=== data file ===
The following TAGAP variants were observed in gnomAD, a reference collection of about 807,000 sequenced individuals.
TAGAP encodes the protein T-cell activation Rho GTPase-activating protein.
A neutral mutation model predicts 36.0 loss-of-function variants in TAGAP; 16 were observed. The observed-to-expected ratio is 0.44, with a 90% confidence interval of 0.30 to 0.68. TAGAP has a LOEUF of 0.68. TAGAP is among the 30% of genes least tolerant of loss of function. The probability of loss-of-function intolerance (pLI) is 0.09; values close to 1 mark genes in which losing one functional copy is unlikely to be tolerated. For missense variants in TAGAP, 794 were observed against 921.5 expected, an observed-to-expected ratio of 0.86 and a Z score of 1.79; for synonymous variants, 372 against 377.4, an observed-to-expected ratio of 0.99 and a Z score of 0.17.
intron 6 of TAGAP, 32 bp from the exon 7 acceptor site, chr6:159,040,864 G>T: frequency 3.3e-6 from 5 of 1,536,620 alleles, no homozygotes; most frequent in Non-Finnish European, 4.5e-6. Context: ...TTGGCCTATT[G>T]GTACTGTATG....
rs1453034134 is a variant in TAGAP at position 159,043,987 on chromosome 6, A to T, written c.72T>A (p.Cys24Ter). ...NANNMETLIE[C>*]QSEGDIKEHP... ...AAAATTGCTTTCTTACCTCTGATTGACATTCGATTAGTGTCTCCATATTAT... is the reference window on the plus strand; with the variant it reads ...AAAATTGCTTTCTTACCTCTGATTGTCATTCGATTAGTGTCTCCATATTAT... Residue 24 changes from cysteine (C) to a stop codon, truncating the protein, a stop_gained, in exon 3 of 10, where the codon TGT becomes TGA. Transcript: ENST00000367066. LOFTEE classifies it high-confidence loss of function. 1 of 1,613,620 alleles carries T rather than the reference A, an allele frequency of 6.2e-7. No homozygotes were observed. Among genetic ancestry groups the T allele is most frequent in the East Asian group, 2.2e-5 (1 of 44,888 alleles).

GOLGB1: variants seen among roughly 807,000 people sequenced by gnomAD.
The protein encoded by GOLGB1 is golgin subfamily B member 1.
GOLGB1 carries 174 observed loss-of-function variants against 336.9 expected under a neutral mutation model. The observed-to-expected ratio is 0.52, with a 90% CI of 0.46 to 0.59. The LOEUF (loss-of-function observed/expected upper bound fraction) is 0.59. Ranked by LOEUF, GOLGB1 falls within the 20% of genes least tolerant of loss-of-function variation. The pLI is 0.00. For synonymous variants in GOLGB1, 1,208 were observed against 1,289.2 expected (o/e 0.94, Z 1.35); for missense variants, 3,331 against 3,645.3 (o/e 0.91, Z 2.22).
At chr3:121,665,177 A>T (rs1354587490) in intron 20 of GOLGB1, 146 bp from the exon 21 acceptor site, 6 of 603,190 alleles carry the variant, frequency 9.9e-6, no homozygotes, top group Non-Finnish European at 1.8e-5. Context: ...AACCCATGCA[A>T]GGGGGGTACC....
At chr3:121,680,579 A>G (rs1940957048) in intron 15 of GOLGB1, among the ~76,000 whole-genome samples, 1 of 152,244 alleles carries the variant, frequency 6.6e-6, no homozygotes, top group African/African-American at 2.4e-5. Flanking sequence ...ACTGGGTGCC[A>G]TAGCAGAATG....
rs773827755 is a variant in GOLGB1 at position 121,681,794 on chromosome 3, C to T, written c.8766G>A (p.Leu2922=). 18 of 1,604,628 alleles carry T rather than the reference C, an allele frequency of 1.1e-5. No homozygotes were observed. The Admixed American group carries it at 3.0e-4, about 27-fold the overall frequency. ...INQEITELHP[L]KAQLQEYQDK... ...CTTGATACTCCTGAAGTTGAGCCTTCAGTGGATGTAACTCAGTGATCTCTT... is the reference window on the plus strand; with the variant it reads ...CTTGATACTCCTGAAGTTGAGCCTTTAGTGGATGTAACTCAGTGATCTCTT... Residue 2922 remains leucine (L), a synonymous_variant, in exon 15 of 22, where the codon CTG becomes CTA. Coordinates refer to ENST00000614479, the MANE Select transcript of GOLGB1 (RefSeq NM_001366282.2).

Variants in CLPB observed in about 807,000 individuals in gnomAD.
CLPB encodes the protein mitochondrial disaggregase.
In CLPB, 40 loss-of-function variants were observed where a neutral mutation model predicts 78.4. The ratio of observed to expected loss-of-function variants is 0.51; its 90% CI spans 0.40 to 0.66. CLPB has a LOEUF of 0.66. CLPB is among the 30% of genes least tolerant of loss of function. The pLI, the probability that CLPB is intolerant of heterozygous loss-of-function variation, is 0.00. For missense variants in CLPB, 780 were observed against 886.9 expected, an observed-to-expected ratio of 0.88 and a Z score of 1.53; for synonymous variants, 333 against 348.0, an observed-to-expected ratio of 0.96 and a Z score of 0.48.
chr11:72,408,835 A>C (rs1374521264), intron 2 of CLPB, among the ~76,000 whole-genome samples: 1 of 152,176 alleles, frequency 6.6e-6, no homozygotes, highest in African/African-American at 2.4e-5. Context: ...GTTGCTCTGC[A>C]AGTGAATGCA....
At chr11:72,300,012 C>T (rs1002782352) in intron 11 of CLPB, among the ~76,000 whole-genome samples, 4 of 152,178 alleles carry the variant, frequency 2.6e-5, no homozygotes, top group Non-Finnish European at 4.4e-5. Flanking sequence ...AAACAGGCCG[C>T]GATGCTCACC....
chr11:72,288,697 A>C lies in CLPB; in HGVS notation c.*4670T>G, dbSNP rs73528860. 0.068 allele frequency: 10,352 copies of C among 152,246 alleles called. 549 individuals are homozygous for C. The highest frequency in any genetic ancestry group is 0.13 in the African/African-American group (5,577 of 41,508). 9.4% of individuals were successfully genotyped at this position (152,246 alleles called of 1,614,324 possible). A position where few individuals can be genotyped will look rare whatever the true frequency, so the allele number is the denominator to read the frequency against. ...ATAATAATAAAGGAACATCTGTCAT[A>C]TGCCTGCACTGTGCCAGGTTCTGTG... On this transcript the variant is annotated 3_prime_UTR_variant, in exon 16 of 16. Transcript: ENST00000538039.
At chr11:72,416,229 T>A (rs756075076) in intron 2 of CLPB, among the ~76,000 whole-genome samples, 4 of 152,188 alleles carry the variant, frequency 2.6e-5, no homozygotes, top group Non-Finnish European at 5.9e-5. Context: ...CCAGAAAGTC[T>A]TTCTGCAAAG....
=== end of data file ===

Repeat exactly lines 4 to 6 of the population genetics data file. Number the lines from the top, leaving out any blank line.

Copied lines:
intron 6 of TAGAP, 32 bp from the exon 7 acceptor site, chr6:159,040,864 G>T: frequency 3.3e-6 from 5 of 1,536,620 alleles, no homozygotes; most frequent in Non-Finnish European, 4.5e-6. Context: ...TTGGCCTATT[G>T]GTACTGTATG....
rs1453034134 is a variant in TAGAP at position 159,043,987 on chromosome 6, A to T, written c.72T>A (p.Cys24Ter). ...NANNMETLIE[C>*]QSEGDIKEHP... ...AAAATTGCTTTCTTACCTCTGATTGACATTCGATTAGTGTCTCCATATTAT... is the reference window on the plus strand; with the variant it reads ...AAAATTGCTTTCTTACCTCTGATTGTCATTCGATTAGTGTCTCCATATTAT... Residue 24 changes from cysteine (C) to a stop codon, truncating the protein, a stop_gained, in exon 3 of 10, where the codon TGT becomes TGA. Transcript: ENST00000367066. LOFTEE classifies it high-confidence loss of function. 1 of 1,613,620 alleles carries T rather than the reference A, an allele frequency of 6.2e-7. No homozygotes were observed. Among genetic ancestry groups the T allele is most frequent in the East Asian group, 2.2e-5 (1 of 44,888 alleles).

GOLGB1: variants seen among roughly 807,000 people sequenced by gnomAD.